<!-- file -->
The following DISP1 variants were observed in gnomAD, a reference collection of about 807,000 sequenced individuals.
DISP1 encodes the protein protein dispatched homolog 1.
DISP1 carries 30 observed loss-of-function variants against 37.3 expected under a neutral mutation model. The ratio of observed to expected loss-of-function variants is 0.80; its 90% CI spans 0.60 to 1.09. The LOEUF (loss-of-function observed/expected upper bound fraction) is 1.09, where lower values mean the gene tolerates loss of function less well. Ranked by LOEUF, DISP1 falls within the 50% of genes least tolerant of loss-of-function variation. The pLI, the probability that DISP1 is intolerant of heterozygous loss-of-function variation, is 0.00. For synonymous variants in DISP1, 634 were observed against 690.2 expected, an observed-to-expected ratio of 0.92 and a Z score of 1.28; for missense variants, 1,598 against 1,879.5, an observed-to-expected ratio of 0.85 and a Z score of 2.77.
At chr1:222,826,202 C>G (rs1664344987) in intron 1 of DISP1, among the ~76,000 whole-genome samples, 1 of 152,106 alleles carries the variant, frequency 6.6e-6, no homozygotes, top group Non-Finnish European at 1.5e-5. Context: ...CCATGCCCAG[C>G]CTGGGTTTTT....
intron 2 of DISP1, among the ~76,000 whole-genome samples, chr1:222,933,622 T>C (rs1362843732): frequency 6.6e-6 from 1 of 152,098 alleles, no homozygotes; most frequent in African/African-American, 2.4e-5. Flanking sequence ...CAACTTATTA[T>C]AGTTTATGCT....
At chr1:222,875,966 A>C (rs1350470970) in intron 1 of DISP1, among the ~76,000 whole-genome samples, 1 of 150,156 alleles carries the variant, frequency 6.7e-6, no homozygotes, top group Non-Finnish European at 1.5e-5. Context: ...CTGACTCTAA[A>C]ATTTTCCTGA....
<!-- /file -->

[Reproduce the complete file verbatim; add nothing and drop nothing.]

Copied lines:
The following DISP1 variants were observed in gnomAD, a reference collection of about 807,000 sequenced individuals.
DISP1 encodes the protein protein dispatched homolog 1.
DISP1 carries 30 observed loss-of-function variants against 37.3 expected under a neutral mutation model. The ratio of observed to expected loss-of-function variants is 0.80; its 90% CI spans 0.60 to 1.09. The LOEUF (loss-of-function observed/expected upper bound fraction) is 1.09, where lower values mean the gene tolerates loss of function less well. Ranked by LOEUF, DISP1 falls within the 50% of genes least tolerant of loss-of-function variation. The pLI, the probability that DISP1 is intolerant of heterozygous loss-of-function variation, is 0.00. For synonymous variants in DISP1, 634 were observed against 690.2 expected, an observed-to-expected ratio of 0.92 and a Z score of 1.28; for missense variants, 1,598 against 1,879.5, an observed-to-expected ratio of 0.85 and a Z score of 2.77.
At chr1:222,826,202 C>G (rs1664344987) in intron 1 of DISP1, among the ~76,000 whole-genome samples, 1 of 152,106 alleles carries the variant, frequency 6.6e-6, no homozygotes, top group Non-Finnish European at 1.5e-5. Context: ...CCATGCCCAG[C>G]CTGGGTTTTT....
intron 2 of DISP1, among the ~76,000 whole-genome samples, chr1:222,933,622 T>C (rs1362843732): frequency 6.6e-6 from 1 of 152,098 alleles, no homozygotes; most frequent in African/African-American, 2.4e-5. Flanking sequence ...CAACTTATTA[T>C]AGTTTATGCT....
At chr1:222,875,966 A>C (rs1350470970) in intron 1 of DISP1, among the ~76,000 whole-genome samples, 1 of 150,156 alleles carries the variant, frequency 6.7e-6, no homozygotes, top group Non-Finnish European at 1.5e-5. Context: ...CTGACTCTAA[A>C]ATTTTCCTGA....